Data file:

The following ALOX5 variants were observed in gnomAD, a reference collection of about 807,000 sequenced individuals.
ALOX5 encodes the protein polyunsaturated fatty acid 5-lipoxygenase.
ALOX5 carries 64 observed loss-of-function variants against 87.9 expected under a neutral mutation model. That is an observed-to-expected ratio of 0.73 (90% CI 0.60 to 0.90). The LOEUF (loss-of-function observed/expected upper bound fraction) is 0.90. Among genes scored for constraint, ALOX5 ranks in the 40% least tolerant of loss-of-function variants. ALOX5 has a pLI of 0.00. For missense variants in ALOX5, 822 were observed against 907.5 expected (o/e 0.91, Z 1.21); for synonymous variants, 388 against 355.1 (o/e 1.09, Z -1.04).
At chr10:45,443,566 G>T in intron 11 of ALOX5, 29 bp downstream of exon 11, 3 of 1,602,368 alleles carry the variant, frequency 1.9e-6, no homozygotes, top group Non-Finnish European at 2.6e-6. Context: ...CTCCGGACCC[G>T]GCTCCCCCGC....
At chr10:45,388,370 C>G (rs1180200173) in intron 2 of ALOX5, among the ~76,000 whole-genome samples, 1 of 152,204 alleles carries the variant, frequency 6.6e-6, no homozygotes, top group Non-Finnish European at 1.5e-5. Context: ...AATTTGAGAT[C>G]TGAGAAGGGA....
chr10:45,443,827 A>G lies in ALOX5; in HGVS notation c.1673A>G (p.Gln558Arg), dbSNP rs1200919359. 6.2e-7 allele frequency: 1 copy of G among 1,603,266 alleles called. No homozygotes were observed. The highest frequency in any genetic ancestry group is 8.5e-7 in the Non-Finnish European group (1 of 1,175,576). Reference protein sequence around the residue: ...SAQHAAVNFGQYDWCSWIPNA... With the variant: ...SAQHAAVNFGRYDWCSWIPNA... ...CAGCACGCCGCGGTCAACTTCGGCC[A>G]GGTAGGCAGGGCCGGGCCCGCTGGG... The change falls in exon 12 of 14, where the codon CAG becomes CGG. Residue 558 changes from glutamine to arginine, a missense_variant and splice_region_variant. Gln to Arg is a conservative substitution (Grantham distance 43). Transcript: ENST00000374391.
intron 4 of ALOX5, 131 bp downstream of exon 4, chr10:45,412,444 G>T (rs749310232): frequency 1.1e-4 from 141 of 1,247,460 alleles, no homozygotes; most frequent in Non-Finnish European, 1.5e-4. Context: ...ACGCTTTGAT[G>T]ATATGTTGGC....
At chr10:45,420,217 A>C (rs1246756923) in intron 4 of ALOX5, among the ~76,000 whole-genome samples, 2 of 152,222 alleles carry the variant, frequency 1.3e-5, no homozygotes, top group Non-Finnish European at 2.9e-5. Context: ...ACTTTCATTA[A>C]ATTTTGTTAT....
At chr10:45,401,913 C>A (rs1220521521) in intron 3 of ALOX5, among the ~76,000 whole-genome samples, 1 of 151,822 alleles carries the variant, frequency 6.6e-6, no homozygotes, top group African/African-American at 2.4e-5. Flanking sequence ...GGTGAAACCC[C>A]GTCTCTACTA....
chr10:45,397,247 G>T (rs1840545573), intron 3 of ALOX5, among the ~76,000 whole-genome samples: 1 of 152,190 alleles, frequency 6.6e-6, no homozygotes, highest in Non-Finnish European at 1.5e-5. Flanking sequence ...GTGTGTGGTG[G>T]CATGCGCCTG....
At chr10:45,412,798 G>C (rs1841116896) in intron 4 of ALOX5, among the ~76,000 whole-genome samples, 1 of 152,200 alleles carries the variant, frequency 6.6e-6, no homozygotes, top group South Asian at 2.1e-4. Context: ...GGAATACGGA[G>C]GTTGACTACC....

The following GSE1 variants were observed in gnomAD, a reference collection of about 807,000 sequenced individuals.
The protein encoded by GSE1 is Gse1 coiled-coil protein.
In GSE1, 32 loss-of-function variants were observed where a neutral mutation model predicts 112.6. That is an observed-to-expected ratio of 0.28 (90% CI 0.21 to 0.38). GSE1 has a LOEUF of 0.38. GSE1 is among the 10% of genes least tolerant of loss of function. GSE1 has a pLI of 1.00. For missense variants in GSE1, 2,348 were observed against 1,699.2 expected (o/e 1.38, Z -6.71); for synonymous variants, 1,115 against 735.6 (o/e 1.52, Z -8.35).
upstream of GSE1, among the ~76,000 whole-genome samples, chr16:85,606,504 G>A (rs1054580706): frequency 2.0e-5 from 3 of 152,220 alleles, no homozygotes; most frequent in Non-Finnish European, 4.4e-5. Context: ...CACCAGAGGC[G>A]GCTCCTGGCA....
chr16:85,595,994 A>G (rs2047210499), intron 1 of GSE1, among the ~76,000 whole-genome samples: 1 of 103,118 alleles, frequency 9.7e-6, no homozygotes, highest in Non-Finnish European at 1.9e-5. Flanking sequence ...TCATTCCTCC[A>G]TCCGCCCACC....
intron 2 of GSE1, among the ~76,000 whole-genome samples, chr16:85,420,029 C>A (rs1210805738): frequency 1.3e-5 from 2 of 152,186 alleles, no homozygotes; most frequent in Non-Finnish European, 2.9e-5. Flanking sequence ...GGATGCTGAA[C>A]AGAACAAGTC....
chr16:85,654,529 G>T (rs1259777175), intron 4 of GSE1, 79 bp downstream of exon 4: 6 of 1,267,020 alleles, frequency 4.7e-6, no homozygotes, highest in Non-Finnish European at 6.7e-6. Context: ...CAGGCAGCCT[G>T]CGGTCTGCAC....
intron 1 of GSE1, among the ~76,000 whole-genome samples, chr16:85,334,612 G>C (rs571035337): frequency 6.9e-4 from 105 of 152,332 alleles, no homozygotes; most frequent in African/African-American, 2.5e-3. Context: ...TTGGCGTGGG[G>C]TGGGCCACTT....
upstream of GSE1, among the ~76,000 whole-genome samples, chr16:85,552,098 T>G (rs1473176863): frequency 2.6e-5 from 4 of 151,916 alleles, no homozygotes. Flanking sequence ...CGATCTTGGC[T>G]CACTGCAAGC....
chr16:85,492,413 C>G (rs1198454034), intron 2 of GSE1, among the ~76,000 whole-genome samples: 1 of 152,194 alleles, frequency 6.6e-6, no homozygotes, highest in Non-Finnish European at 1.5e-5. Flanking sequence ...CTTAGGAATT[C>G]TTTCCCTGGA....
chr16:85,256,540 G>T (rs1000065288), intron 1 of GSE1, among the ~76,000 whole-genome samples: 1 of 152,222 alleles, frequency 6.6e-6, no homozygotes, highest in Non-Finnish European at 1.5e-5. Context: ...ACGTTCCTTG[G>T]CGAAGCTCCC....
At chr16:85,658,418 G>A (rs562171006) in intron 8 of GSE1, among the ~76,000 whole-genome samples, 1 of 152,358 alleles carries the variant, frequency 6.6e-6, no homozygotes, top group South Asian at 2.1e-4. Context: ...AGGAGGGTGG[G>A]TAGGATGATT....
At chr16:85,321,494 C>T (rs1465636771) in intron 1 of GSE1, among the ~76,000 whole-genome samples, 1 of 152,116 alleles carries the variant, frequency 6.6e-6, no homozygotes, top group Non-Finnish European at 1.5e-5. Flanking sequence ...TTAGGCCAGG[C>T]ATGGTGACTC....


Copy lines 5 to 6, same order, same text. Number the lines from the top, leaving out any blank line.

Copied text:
At chr10:45,388,370 C>G (rs1180200173) in intron 2 of ALOX5, among the ~76,000 whole-genome samples, 1 of 152,204 alleles carries the variant, frequency 6.6e-6, no homozygotes, top group Non-Finnish European at 1.5e-5. Context: ...AATTTGAGAT[C>G]TGAGAAGGGA....
chr10:45,443,827 A>G lies in ALOX5; in HGVS notation c.1673A>G (p.Gln558Arg), dbSNP rs1200919359. 6.2e-7 allele frequency: 1 copy of G among 1,603,266 alleles called. No homozygotes were observed. The highest frequency in any genetic ancestry group is 8.5e-7 in the Non-Finnish European group (1 of 1,175,576). Reference protein sequence around the residue: ...SAQHAAVNFGQYDWCSWIPNA... With the variant: ...SAQHAAVNFGRYDWCSWIPNA... ...CAGCACGCCGCGGTCAACTTCGGCC[A>G]GGTAGGCAGGGCCGGGCCCGCTGGG... The change falls in exon 12 of 14, where the codon CAG becomes CGG. Residue 558 changes from glutamine to arginine, a missense_variant and splice_region_variant. Gln to Arg is a conservative substitution (Grantham distance 43). Transcript: ENST00000374391.